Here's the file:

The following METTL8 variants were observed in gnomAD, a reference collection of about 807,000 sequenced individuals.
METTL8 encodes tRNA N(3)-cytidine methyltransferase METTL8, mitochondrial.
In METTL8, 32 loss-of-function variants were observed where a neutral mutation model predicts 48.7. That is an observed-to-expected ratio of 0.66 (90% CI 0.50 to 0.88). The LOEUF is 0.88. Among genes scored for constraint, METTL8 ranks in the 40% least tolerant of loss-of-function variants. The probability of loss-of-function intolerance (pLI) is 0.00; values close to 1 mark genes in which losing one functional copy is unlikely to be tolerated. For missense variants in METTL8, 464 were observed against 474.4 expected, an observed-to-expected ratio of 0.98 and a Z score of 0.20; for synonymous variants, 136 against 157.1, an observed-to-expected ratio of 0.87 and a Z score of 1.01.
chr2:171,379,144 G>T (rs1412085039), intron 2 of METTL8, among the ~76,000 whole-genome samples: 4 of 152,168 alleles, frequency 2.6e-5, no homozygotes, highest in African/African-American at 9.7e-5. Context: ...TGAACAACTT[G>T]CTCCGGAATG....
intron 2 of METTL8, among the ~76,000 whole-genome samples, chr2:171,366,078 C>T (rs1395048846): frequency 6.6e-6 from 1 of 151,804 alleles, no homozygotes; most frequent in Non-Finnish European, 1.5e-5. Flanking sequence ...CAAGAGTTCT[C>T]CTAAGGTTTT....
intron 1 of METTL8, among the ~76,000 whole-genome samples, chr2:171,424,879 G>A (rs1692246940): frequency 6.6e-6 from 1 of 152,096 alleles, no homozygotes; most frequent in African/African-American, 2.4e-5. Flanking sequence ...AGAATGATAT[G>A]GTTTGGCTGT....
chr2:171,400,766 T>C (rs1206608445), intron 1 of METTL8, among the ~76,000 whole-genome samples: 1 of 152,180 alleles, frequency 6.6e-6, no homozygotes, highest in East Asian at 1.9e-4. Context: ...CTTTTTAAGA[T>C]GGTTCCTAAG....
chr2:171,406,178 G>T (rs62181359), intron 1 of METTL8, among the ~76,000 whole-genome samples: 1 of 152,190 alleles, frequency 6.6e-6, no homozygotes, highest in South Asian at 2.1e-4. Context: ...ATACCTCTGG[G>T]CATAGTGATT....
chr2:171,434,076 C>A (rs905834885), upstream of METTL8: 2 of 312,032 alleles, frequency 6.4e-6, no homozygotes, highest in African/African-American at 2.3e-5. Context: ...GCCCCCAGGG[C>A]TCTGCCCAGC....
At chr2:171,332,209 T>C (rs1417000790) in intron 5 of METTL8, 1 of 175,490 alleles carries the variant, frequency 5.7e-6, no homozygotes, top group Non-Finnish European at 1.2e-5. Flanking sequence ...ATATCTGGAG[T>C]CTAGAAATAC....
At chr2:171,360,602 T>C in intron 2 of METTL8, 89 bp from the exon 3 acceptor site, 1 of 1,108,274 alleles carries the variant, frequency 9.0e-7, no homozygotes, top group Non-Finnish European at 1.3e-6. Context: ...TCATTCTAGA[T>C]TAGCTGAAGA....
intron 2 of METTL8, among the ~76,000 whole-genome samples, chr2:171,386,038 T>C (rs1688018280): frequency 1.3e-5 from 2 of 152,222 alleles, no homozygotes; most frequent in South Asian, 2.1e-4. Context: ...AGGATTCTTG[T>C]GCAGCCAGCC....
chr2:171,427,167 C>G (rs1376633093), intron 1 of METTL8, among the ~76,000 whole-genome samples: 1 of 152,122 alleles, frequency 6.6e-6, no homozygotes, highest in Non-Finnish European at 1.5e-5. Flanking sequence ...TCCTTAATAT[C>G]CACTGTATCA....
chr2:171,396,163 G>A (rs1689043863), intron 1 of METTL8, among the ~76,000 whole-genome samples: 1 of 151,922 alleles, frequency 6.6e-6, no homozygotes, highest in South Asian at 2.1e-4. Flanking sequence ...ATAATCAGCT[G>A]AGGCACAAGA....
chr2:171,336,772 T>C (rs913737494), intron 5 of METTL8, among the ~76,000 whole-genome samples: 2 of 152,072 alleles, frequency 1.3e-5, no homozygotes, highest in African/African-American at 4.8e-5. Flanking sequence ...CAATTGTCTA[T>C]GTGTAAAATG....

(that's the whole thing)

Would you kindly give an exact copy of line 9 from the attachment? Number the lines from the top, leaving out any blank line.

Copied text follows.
chr2:171,434,076 C>A (rs905834885), upstream of METTL8: 2 of 312,032 alleles, frequency 6.4e-6, no homozygotes, highest in African/African-American at 2.3e-5. Context: ...GCCCCCAGGG[C>A]TCTGCCCAGC....